16. Principle of Value of Outcome • The more a person values the result of an action, the more likely s/he is to perform that action.

  17. Principle of Diminishing Returns • The more often in the recent past a person has received a particular reward, the less valuable any further unit of that becomes. • Reward Satiation

  18. Principle of Distributive Justice • When an action does not produce an expected reward, or causes unexpected punishment, a person will feel cheated and is likely to engage in punitive actions. • When an action produces an unexpected reward, or when it does not produce expected punishment, a person ingratiated or obligated will likely engage in approving behavior.

  19. Principle of Rationality • ln any decision situation, a person will choose that action for which, as perceived by him/her at the time, the value of the result multiplied by the probability of getting the result, is the greatest.

  20. Principle of Least InterestWillard Waller (1951) • The person who has theleast interest in continuing the relationship is able to control the relationship and exploit the other partner. • In studying college dating:Men  financial & emotional investment for physical affectionWomen  sexual investment to gain attention and commitment

  21. Relational Implications • All other things being equal, the greater an individual’s satisfaction with his/her current relationship, the less likely s/he is to leave the relationship. • Regardless of the degree of relational satisfaction, an individual will choose to remain in a relationship if the perceived outcome of the current relationship exceeds the perceived outcomes of the alternative relationship. Hirokawa, R., University of Iowa, 36C:060

  22. Achieving Balance • Individuals will often endure what seems like extreme costs if they perceive future payoffs. • Individuals seek to create ultimate exchanges in which both people feel they are profiting highly but experiencing little, if any, costs. • Obligation can occur when exchanges are uneven and a sense of indebtedness is created. • When couples struggle, it is seldom simply over who does what. Far more often, it is over the giving and receiving of gratitude (Hochschild, 1989).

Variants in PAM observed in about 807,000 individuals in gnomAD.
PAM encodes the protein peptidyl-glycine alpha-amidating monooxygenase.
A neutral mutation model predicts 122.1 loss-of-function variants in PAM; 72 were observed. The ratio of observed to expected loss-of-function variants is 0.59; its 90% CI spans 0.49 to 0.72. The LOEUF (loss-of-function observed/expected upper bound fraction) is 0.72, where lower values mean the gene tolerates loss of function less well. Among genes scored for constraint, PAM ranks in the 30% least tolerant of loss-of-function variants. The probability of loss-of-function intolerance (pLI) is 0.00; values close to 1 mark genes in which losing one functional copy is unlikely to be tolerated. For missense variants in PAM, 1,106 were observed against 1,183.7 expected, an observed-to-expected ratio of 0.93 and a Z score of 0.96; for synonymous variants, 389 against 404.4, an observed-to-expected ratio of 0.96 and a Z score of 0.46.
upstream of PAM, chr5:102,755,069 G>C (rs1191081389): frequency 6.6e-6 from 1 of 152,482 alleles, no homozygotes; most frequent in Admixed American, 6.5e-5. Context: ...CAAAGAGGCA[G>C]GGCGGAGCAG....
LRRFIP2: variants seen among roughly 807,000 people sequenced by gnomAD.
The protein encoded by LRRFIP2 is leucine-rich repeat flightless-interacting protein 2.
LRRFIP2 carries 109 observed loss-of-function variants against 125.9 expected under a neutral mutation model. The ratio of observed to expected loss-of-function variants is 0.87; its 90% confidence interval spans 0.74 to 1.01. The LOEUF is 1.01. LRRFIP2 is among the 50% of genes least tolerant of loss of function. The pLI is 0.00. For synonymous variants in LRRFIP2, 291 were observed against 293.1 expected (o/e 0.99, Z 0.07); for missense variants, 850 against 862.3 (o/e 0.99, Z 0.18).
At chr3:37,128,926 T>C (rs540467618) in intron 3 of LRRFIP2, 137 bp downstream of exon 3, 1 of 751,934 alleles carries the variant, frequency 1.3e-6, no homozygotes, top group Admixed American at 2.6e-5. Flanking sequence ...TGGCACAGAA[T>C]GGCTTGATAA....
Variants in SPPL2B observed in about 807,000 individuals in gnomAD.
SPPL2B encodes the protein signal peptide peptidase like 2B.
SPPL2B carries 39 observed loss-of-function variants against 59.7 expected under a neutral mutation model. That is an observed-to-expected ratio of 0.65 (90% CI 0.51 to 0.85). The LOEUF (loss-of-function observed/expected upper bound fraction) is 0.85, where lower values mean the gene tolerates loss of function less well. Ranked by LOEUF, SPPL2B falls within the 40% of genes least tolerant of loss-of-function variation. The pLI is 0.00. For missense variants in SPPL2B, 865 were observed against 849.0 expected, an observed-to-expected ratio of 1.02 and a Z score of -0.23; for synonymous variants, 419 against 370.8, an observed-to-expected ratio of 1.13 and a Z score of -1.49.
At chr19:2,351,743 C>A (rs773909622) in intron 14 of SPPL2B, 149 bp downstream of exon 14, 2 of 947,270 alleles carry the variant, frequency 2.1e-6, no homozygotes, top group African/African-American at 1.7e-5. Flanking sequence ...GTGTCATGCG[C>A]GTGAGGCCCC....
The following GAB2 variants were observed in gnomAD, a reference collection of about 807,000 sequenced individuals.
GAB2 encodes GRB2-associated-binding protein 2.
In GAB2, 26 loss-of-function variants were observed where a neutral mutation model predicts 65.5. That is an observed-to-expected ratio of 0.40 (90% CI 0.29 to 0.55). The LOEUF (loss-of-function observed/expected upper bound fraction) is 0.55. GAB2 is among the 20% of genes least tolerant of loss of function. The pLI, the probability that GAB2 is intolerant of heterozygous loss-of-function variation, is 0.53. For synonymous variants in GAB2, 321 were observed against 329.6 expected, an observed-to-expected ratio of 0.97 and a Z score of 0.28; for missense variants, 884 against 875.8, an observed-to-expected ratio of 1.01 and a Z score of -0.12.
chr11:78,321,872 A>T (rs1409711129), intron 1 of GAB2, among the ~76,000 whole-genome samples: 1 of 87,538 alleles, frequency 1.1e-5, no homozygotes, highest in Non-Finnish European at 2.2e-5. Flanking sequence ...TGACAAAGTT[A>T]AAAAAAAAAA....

23. Comparison Level (CL) • One’s CL is the general standard for evaluating interaction outcomes. Anytime we perceive the outcome (REWARD-COSTS) is above our CL, we are relatively happy or satisfied with the outcome. Anytime the perceived outcome is below our CL, we are relatively unhappy or dissatisfied with the outcome.

  24. Comparison Level of Alternatives (Clalt) • One’s Clalt is the best outcomes available outside of our current relationship or situation. As more attractive outside possibilities become available, and existing outcomes slide below our CL, instability and change increase.

  25. So why leave? And why find someone new? • In relationships characterized by dissatisfaction, an individual will choose to leave a relationship, and enter into a new relationship if the perceived outcomes of the current relationship is less than the perceived outcomes of the new relationship. Hirokawa, R., University of Iowa, 36C:060